I never would have thought of teasing a Vulcan before this, but this is one I can't pass up. I lift my voice and begin to sing.

On the starship Enterprise

There's someone who's in Satan's guise

Whose devil ears and devil eyes

Could rip your heart from you.

There's laughter in the Rec Room, and maybe in some hidden corner of Spock's soul, there's laughter as well. He rolls his eyes, the look that usually has "illogical" spoken right after it. Except that he's still playing.

At first his look could hypnotize

And then his touch would pulverize

His alien love could victimize

And rip your heart from you.

Bless him, Spock's being a good sport about all of this. I've known for quite some time that he has a wry sense of humor, as Bones has found out on more than one occasion. It's nice to know he can take it as well as he gives it.

Girls in space be wary, be wary, be wary

Girls in space be wary

You know not what he'll do.

As I finish the song, Janice's shadow, Charlie, walks in. Nothing spreads faster than gossip aboard a starship, and everyone knows that he has a terrible crush on her. Janice tried to set him up with another yeoman who was closer to his age, but he only has eyes for Janice.

Ah, I remember seventeen. Being fixated on one person and thinking you would die if you didn't get to date them, and then finding out that it wasn't really worth the effort after all. Poor boy, he's so serious all the time. Spock smiles more than that child does. And there's something else odd about him; his non-verbal communication is all wrong. I'm a communication officer, and I know he's hiding something.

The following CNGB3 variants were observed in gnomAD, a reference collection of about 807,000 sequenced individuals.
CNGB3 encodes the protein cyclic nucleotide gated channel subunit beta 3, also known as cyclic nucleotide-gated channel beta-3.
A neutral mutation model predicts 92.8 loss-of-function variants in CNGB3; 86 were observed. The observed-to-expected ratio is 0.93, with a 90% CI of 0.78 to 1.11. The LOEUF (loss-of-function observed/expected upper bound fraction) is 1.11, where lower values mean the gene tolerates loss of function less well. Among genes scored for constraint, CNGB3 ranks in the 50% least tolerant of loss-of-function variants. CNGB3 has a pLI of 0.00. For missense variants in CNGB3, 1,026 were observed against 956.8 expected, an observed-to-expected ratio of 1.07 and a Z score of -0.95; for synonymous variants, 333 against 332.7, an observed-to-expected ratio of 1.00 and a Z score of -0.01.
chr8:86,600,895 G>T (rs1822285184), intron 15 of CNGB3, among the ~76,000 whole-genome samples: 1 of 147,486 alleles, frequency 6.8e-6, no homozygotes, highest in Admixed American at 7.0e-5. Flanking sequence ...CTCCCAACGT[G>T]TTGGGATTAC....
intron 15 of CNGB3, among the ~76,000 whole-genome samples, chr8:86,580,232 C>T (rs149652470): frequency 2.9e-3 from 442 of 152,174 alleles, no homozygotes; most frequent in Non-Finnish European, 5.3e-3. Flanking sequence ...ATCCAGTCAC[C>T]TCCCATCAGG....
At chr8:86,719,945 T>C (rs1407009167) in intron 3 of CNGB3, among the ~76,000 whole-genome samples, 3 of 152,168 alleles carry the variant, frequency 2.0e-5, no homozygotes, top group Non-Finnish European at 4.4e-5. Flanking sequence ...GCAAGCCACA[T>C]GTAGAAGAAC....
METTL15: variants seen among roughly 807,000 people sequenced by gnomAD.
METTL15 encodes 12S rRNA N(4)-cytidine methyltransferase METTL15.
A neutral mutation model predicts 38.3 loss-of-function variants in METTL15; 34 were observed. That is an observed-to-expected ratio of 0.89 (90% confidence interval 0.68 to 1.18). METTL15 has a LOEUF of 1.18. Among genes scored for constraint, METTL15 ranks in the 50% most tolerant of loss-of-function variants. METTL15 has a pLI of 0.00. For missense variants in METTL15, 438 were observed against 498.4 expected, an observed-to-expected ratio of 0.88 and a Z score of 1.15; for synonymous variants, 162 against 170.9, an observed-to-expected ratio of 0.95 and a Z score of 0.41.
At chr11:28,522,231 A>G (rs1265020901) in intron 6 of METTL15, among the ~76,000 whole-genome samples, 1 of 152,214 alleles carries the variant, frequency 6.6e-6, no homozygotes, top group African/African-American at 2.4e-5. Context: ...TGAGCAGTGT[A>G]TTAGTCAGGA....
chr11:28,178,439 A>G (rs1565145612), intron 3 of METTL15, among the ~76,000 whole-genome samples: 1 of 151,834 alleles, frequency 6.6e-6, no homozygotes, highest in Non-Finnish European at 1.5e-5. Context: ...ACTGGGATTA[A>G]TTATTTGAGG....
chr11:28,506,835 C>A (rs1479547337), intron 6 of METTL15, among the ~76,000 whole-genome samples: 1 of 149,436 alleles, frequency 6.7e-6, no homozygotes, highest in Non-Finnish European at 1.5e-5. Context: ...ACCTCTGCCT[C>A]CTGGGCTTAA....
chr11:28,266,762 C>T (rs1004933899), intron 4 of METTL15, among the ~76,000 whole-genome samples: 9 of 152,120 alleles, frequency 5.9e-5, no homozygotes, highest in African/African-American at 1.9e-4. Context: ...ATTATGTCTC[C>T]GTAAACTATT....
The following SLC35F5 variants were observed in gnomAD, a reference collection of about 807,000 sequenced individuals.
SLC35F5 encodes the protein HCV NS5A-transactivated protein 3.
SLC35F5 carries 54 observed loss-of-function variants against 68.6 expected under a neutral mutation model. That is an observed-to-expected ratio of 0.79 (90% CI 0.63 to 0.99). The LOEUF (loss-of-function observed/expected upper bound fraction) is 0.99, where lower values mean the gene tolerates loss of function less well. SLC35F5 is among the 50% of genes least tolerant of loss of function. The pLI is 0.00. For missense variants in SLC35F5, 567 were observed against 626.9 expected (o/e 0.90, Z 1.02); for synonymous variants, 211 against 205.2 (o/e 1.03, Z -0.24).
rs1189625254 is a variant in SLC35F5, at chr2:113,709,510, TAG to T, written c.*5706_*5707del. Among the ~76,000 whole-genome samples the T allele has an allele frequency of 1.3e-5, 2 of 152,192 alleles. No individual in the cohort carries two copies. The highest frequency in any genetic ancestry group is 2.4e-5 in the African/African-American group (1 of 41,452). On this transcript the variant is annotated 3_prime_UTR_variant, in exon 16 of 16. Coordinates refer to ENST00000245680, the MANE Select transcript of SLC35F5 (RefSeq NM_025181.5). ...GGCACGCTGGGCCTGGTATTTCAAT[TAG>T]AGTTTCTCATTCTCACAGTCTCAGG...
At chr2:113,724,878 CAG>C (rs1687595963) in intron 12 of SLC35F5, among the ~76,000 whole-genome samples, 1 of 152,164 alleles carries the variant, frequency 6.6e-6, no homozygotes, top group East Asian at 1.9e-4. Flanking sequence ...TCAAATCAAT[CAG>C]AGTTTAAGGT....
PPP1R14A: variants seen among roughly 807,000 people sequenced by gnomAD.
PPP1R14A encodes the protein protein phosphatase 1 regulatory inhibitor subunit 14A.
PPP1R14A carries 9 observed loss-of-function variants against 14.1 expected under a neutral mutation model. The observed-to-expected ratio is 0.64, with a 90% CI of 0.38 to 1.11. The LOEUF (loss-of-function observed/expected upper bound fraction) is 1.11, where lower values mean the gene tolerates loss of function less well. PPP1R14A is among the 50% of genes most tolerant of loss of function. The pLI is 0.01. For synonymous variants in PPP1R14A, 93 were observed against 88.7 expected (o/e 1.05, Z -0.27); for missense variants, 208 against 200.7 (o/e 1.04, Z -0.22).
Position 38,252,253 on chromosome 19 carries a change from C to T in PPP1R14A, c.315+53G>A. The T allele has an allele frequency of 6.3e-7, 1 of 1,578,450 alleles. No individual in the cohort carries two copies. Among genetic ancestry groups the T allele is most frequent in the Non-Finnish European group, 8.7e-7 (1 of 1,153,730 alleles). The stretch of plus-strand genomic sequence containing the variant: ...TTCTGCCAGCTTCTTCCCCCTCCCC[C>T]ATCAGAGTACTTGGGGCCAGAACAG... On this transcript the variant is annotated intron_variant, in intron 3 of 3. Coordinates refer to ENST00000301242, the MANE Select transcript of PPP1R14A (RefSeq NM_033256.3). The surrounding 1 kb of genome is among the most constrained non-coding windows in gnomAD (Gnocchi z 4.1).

But no place is more receptive to people with secrets than Starfleet. We all have them: Spock, who will not speak of his family, Jim, who survived the massacre on Tarsus IV, and will not speak of what happened there, and Bones, who does not speak of his ex-wife but talks about his daughter all the time. So if Charlie has a secret, it's not so unusual. But it sure would be nice to see that boy smile once in a while.

Spock's still pulling the notes out of the air with his usual skill. So I sing again, hoping to get a smile out of that lonely child.

And from a planet out in space

Comes a lad not commonplace

Seeking out his first embrace

He's saving it for you…

My eyes meet Janice's. I'm teasing her too in a way, but I know she doesn't mind. Charlie can't seem to decide what his reaction is; he's trying to get Janice's attention with the cards he's holding while keeping one ear on my song.

Oh, Charlie's our new darling

Our darling, our darling

Charlie's our new darling

We know not what he'll do.

Charlie's looking at me with that steely blue gaze, and my throat closes up. I can still breathe, but I can't draw enough air to sing. Spock's harp has fallen silent; though he touches the strings, no sound comes out.

I know all at once that Charlie's hiding something much more than a secret, if he can do this. Dear God, what have we brought aboard this ship?